It's grammatically correct in English but I don't think I've ever heard anyone use this sentence in my life. Is this more common in Norwegian?
I can't hear maltid without thinking of "Malt O Meal" oatmeal that you sometimes see in grocery stores in the U.S.. Meal meal
I can't hear maltid without thinking of "Mahlzeit" which is "meal" in german, they sound very similar, especially with tid meaning "time" and the german word "Zeit" also meaning "tid"
In some northern german dialects, it's even "mahltied", which sometimes is pronouced very closely to "måltid"
Oh yeah, Malt-o-Meal and "malted milk," a powdered pseudo-chocolate-flavored vitamin supplement my mother used to mix into my milk at breakfast. On the plus side, remembering that flavor kills any feeling of hunger thinking about food.
In english one would say I decided or I feel like...one wouldnt use "to chose" unless within a game with preset/given options sets
"I don't have to listen to you! I am the master of my own fate. I choose to get myself a meal!"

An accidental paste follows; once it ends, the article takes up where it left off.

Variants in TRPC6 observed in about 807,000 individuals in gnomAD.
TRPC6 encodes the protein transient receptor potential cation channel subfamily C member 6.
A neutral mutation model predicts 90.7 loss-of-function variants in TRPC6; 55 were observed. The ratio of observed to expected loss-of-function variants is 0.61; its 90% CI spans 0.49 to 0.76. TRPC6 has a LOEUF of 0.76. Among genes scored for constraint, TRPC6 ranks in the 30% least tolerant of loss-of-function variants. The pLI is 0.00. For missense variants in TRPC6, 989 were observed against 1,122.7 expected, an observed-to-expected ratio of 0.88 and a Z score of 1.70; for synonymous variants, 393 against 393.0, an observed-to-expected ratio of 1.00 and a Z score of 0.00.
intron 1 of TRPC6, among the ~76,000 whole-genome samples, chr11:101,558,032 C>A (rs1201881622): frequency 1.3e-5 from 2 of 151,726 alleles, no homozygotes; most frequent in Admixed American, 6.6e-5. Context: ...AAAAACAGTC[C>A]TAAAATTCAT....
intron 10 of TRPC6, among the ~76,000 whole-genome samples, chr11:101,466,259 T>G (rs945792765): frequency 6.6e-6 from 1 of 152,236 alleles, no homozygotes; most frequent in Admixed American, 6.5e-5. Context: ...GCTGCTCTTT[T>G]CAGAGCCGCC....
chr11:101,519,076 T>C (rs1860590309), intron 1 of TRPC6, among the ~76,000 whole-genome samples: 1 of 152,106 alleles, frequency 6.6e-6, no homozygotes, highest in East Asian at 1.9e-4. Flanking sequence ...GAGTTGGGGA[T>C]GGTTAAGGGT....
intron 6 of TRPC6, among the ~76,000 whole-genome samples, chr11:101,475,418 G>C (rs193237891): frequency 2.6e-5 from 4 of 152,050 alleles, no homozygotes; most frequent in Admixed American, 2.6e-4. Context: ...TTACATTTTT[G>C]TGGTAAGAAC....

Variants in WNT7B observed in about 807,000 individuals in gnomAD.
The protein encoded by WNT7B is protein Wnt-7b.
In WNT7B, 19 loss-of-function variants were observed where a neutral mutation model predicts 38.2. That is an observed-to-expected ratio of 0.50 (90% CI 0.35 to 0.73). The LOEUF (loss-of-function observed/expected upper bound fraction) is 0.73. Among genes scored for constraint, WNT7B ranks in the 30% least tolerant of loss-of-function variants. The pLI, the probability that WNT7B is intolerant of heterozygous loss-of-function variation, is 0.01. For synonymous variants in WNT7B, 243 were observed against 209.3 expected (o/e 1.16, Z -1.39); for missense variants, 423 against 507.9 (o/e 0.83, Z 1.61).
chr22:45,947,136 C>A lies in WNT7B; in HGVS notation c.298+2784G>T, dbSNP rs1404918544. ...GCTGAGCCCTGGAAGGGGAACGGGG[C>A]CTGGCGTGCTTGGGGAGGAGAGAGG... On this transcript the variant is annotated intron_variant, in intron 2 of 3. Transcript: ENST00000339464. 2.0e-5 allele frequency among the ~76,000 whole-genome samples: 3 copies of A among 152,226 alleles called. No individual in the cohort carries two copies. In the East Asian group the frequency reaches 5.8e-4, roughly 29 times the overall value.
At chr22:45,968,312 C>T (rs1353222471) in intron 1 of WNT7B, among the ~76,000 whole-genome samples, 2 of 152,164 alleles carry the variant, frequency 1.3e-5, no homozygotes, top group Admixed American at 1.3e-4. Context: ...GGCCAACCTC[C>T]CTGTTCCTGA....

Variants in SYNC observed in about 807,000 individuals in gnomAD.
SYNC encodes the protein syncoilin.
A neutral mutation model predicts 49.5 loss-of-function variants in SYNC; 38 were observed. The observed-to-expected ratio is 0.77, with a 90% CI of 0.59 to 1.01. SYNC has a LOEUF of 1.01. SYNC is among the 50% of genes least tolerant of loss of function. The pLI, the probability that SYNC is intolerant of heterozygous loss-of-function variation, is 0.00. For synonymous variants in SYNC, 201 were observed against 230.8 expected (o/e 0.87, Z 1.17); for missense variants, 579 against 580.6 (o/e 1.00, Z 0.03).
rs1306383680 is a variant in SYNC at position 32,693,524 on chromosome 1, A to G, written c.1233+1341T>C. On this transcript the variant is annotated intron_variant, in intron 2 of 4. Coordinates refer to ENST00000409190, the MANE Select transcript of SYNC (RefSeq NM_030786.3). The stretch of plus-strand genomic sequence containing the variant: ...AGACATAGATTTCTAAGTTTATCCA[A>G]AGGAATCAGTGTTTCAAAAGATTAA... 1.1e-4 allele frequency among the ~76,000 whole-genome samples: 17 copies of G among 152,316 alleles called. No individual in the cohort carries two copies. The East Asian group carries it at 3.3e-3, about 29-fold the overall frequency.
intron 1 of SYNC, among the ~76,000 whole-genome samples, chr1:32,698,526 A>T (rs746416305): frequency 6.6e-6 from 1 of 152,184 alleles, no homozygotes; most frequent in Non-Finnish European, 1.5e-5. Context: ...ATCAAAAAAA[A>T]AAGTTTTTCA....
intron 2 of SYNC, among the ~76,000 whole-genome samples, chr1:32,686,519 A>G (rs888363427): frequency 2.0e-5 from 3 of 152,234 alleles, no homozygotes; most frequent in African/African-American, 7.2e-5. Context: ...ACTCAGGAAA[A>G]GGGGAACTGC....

I'm Norwegian and have never heard anyone say this! Something I'd say instead is: "Jeg skal lage litt mat for meg selv" ("I'll make myself some food")
It shouldn't be accepted because the phrase was structured to emphasize "myself". "Get myself a meal" and "have a meal" have different meanings.
So... Does this mean I get food delivered to my place or buy it from a food truck?
I am quite tired of these nonsensical sentences that nobody has ever said before and have zero application in real life. I understand that it's meant just to learn the words and the grammar, but this can and should be done be getting familiar with sentences and structures of common use.
I put down "I choose to get a meal myself" and do not understand why this would not be the same thing? Could someone explain the difference considering direct translations are never direct. This is a natural thing to say where I come from and means the same thing.
"I choose to get myself a meal" = I choose to get a meal for me. The emphasis is on the fact that the meal is for me rather than for someone else.
"I choose to get a meal myself" = I choose to get meal myself rather than someone else to get it for me. The emphasis is on the fact that I am the person getting the meal.
It's a fairly subtle difference, but a difference, nonetheless.
To me "I get a meal myself" sounds more like you are upset with someone. Like, you asked them to bring you something and they forgot or refused and you say "Fine, I get a meal myself then".
But I'm not a native english speaker, so my interpretation might be off.